‘We’re bound by the taxpayers to determine how money is spent’
In a three-to-one vote the Rappahannock County Board of Supervisors on Monday rejected Jackson Supervisor Ron Frazier’s demand that the county pay his substantial legal bills in connection with a 2016 lawsuit.
The suit was brought by county farmer Marian Bragg, who charges that the Board of Supervisors violated Virginia’s Freedom of Information Act (FOIA) by going into closed sessions on several occasions — without public notice — to discuss the hiring of a county attorney in 2016. The case, which goes to trial in February, is known as Bragg 1 to distinguish it from a second petition Bragg filed in October 2018, which charged the BOS with violating FOIA again, this time during selection of the county administrator.
In the lead-up to Bragg 1, Bragg’s attorney David Konick offered the supervisors a deal — any supervisor who admitted to violating FOIA in the closed meetings would be exempt from Bragg’s lawsuit. Ron Frazier was the only supervisor who admitted guilt. Frazier is a close associate of Konick and certain county officials have speculated him to be the source of the information of what went on in the closed door sessions.
FOIA allows closed sessions for certain limited purposes, such as to discuss personnel matters or contract negotiations. Participants are barred from revealing details of the meetings to the public. Frazier — and Bragg — allege that the supervisors’ discussion of hiring a county attorney strayed from a strict interpretation of FOIA.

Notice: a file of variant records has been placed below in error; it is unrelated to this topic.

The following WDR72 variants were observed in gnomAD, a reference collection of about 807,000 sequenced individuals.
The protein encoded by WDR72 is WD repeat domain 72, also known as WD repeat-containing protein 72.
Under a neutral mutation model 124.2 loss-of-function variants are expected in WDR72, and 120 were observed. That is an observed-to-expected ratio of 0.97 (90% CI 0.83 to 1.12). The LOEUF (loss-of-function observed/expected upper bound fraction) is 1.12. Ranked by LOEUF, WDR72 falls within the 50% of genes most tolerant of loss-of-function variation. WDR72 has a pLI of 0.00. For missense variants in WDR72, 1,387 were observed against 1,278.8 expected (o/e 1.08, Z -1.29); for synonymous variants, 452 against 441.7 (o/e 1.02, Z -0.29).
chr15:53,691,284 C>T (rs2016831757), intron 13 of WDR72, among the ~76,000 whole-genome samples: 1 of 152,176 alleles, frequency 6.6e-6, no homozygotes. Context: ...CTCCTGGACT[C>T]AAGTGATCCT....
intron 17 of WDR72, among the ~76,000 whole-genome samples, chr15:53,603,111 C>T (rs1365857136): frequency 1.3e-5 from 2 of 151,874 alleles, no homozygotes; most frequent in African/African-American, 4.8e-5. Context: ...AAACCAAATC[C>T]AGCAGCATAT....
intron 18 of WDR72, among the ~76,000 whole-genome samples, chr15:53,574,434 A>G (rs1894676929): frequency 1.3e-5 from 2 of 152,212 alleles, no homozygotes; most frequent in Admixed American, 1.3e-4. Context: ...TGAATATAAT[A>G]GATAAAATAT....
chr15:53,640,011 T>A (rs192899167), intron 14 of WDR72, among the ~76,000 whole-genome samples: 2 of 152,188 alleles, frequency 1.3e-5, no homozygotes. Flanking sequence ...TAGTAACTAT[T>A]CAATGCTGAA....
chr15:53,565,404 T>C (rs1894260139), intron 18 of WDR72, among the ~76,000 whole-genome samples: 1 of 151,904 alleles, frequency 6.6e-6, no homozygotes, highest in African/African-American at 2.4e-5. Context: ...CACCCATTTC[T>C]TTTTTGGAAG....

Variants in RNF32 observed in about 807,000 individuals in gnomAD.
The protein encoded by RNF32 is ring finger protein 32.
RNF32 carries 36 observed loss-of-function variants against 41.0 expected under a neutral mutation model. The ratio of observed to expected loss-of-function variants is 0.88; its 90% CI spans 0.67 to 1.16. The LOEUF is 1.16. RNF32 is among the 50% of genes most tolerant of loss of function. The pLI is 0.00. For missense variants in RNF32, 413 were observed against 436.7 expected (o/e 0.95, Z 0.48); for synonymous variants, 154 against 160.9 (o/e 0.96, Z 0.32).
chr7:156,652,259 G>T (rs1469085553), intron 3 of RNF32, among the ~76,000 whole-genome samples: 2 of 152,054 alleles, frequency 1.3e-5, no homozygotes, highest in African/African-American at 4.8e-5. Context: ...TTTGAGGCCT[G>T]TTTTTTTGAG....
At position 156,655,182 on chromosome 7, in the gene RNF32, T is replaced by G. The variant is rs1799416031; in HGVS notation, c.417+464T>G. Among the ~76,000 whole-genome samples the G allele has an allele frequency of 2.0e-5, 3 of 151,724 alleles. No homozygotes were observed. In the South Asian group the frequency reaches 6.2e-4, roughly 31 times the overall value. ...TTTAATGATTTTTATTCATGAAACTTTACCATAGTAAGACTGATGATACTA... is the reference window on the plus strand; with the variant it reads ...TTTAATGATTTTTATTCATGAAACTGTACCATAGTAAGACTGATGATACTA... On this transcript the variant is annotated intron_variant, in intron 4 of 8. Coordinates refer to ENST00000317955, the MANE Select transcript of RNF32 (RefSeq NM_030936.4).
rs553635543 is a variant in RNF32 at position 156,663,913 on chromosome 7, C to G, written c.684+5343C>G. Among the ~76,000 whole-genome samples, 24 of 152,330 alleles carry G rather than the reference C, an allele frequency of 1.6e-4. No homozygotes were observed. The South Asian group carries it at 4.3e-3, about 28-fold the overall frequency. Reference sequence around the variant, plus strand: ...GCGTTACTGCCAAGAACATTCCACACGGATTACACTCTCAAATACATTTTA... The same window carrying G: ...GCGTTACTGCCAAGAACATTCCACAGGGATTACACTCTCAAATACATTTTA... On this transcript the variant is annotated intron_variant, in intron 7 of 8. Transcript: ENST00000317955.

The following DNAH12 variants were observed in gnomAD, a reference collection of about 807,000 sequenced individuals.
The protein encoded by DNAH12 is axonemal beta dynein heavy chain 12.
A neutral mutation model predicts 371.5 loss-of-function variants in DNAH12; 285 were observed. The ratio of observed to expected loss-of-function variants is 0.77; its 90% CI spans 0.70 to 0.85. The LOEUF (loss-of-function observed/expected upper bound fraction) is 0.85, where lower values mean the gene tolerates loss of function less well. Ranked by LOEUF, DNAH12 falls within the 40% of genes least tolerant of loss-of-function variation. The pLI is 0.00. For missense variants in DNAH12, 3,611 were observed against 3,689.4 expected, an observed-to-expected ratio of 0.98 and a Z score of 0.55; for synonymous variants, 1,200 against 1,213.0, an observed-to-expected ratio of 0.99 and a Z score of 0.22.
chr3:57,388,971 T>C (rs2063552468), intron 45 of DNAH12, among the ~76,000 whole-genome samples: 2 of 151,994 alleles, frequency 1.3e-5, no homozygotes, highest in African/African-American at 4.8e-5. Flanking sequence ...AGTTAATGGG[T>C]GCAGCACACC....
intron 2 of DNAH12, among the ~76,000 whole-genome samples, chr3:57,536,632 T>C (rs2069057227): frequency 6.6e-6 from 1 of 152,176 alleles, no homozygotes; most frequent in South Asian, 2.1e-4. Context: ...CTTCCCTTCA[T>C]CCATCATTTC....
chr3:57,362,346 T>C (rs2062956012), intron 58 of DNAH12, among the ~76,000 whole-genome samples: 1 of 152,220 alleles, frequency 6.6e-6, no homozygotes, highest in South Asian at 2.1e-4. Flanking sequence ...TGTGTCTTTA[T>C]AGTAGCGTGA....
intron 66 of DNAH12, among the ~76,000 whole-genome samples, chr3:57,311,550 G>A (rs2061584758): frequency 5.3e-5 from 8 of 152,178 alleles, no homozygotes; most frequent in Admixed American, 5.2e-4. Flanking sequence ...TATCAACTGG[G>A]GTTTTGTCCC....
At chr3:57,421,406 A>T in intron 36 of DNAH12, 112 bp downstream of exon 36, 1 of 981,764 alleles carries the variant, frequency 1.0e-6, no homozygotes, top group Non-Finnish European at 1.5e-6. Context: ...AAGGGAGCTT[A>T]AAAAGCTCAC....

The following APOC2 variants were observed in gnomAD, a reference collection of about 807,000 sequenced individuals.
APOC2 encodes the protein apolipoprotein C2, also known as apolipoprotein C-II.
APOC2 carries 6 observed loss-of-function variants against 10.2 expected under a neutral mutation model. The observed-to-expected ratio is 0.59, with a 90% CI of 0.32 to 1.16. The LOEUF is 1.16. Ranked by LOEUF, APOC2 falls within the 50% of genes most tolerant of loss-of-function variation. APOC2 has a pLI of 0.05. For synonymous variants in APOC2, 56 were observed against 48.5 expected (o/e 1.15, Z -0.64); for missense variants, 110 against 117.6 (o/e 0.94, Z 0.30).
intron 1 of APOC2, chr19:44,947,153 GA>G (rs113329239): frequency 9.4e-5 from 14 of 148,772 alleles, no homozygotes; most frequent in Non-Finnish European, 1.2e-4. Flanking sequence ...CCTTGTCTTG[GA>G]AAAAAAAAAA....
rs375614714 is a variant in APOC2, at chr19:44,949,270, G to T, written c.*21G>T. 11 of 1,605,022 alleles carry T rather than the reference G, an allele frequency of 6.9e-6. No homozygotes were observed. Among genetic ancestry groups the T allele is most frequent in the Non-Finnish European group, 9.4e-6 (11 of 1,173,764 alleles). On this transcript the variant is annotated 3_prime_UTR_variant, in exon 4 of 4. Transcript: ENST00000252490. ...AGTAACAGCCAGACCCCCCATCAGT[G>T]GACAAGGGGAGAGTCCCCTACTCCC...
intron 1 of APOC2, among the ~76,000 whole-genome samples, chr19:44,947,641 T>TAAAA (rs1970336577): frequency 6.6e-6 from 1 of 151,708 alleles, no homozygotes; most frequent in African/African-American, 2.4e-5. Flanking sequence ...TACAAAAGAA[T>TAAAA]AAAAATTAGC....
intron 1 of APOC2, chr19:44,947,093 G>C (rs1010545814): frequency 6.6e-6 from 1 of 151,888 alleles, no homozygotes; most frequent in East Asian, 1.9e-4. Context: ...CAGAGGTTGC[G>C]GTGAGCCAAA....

Because Frazier took Konick’s offer and thus is not a defendant in the lawsuit, County Attorney Art Goff maintains that Frazier is not entitled to have his legal representation paid for by the county. The other supervisors named — Hampton’s John Lesinski, Stonewall-Hawthorne’s Chris Parrish, and former Piedmont supervisor Mike Biniek — are represented by Goff. Current Piedmont supervisor Christine Smith was not a supervisor at the time of the alleged violations, so is not named in the suits.
In the meantime, Frazier, in response to subpoenas issued by Goff, sought his own legal counsel, Tysons Corner firm Offit Kurman. So far the firm’s bills total $19,365. The itemized bills go on for several pages of charges for services from February through May. However, the descriptions of the services rendered for all of the charges are blacked out, to “protect attorney-client privilege,” explained Theodora Stringham, one of Frazier’s attorneys.
Stringham, whose billing rate is $350 an hour, attended Monday’s meeting to argue the case for the county paying Frazier’s legal bills.
“The Board of Supervisors is a named party [in Bragg 1],” Stringham said, “and Mr. Frazier is a member of the Board of Supervisors.”
Click here to see video of the meeting.